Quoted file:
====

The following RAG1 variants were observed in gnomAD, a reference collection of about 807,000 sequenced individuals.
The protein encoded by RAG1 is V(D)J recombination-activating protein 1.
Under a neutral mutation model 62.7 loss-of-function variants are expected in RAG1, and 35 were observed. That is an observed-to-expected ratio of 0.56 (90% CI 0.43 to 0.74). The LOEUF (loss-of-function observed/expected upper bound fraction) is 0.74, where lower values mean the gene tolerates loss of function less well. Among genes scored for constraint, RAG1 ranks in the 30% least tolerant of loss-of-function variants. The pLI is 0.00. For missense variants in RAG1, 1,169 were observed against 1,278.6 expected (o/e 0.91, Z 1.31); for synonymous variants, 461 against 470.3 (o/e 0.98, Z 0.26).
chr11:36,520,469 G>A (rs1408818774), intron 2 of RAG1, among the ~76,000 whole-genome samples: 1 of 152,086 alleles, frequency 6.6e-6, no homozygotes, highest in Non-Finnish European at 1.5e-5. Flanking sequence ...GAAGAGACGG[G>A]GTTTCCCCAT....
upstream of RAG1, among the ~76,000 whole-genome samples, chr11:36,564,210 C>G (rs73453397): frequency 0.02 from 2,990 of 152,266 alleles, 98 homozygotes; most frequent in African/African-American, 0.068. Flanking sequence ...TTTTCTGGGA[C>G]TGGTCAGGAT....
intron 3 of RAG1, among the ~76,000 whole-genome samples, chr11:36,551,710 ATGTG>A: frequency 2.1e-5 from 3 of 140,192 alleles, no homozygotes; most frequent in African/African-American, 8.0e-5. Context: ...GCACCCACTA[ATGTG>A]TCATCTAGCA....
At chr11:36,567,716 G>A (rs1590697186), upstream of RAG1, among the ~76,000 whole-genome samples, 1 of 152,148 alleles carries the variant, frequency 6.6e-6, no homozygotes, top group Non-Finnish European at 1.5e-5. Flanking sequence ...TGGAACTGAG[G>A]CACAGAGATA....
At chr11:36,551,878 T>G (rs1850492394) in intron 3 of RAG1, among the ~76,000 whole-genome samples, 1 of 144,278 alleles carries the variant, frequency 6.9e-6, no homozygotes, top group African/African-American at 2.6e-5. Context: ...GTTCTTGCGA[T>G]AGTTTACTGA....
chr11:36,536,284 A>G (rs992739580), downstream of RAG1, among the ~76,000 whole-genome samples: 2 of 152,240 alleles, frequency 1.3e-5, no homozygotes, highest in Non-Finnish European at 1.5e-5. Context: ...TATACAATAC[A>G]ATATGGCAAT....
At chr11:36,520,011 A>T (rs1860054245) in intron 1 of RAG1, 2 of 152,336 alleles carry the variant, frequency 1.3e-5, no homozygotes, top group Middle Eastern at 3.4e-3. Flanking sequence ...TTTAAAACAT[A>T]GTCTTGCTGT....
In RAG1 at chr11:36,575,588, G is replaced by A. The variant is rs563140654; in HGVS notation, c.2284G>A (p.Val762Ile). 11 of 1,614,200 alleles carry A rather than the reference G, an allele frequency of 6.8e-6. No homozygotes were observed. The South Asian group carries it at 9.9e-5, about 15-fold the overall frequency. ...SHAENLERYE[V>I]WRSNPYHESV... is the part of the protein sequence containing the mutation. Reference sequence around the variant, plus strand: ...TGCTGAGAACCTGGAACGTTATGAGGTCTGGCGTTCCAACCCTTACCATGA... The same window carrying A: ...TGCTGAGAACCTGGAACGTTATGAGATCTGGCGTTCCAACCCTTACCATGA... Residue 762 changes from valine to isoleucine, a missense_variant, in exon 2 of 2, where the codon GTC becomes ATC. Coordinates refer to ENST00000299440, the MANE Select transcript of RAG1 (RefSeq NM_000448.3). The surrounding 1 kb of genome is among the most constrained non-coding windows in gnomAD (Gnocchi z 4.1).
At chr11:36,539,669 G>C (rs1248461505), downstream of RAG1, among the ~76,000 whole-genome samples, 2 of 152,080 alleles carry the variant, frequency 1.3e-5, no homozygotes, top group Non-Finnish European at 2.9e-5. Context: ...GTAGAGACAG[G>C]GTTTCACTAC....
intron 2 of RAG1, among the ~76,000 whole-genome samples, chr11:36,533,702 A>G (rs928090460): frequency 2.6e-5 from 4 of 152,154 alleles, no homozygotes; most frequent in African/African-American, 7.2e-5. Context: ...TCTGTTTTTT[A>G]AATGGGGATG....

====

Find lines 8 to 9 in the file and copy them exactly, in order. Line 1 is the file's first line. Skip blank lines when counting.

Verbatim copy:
At chr11:36,551,878 T>G (rs1850492394) in intron 3 of RAG1, among the ~76,000 whole-genome samples, 1 of 144,278 alleles carries the variant, frequency 6.9e-6, no homozygotes, top group African/African-American at 2.6e-5. Context: ...GTTCTTGCGA[T>G]AGTTTACTGA....
chr11:36,536,284 A>G (rs992739580), downstream of RAG1, among the ~76,000 whole-genome samples: 2 of 152,240 alleles, frequency 1.3e-5, no homozygotes, highest in Non-Finnish European at 1.5e-5. Context: ...TATACAATAC[A>G]ATATGGCAAT....